European Union negotiators have reached an agreement on the world’s first comprehensive artificial intelligence rules.
The agreement sets the stage for legal oversight of technology used in popular generative AI services like ChatGPT.
Negotiators from the European Parliament and the bloc’s 27 member countries have overcome significant differences on generative AI and police use of facial recognition to sign a tentative political agreement for the Artificial Intelligence Act.
“Deal!” tweeted European commissioner Thierry Breton.
The European Parliament and member states “have finally reached a political agreement on the Artificial Intelligence Act!”, tweeted the parliamentary committee co-leading the body’s negotiating efforts.
Officials have provided limited details on what will be included in the eventual law, which will not take effect until at least 2025.
The EU took an early lead in the global race to establish AI regulations when it unveiled the first draft of its rulebook in 2021.
However, the recent surge in generative AI prompted European officials to scramble and update a proposal that could serve as a blueprint for the rest of the world.
Generative AI systems like OpenAI’s ChatGPT have become increasingly widespread in recent months, impressing users with their ability to generate text, photos, and songs. However, they have also raised concerns about job displacement, privacy, and copyright protection.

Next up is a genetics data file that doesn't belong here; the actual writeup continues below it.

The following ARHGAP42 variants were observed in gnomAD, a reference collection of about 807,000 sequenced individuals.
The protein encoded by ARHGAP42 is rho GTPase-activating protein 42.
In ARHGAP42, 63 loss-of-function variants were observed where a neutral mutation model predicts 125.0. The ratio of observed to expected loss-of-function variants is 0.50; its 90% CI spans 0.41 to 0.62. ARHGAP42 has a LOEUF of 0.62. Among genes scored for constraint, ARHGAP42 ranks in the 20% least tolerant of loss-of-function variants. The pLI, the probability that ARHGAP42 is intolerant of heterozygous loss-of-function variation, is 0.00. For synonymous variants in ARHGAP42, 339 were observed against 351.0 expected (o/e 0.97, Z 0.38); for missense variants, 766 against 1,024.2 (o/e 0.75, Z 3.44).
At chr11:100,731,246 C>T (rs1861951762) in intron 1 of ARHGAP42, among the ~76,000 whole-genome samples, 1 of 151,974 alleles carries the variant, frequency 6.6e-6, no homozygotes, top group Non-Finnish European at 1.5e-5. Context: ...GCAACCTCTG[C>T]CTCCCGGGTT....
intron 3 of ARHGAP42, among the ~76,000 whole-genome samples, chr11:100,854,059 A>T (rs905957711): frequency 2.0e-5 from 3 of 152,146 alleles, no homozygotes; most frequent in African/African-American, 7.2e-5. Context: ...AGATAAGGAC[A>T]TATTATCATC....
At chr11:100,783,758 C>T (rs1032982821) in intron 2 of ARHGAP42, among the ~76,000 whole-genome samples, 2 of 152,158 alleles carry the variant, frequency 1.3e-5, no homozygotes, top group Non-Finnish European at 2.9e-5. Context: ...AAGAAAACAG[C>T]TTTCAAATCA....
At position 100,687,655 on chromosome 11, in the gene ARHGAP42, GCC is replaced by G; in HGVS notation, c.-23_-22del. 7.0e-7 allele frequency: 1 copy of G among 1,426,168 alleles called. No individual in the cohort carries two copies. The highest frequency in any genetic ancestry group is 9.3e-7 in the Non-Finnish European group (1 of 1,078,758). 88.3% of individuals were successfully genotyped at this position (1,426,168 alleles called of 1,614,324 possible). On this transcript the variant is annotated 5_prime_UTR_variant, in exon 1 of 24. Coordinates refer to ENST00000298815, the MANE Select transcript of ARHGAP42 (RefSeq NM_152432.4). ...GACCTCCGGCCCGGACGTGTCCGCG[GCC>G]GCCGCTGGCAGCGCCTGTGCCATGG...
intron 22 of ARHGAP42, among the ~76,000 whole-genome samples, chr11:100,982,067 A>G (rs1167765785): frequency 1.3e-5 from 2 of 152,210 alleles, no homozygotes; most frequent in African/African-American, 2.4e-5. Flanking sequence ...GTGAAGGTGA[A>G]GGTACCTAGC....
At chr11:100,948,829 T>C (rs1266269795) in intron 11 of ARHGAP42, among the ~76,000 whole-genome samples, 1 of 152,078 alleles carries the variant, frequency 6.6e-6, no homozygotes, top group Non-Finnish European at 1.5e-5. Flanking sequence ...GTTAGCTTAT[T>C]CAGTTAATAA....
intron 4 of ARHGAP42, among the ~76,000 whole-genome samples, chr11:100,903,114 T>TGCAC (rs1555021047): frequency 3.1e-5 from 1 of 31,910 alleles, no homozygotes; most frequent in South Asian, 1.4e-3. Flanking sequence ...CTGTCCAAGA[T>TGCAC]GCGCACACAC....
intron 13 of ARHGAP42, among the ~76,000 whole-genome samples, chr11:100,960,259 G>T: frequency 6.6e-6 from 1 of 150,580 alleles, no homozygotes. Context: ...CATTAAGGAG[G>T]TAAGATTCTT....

Now, the US, UK, China, and other global groups like the G7 are proposing their own regulations for AI, but they are still catching up to Europe.
Once the final version of the EU’s AI Act is determined, it will need approval from the bloc’s 705 politicians before the EU-wide elections next year. This approval is expected to be a formality.
The AI Act was initially designed to address the risks posed by specific AI functions, ranging from low to unacceptable levels. However, politicians pushed to expand its scope to include foundation models, the advanced systems that serve as the basis for general-purpose AI services like ChatGPT and Google’s Bard chatbot.
The most contentious issue was AI-powered facial recognition surveillance systems, and negotiators reached a compromise after intense bargaining.
While European politicians wanted a complete ban on public use of facial scanning and other “remote biometric identification” systems due to privacy concerns, member country governments wanted exemptions to allow law enforcement to use them in cases of serious crimes such as child sexual exploitation or terrorist attacks.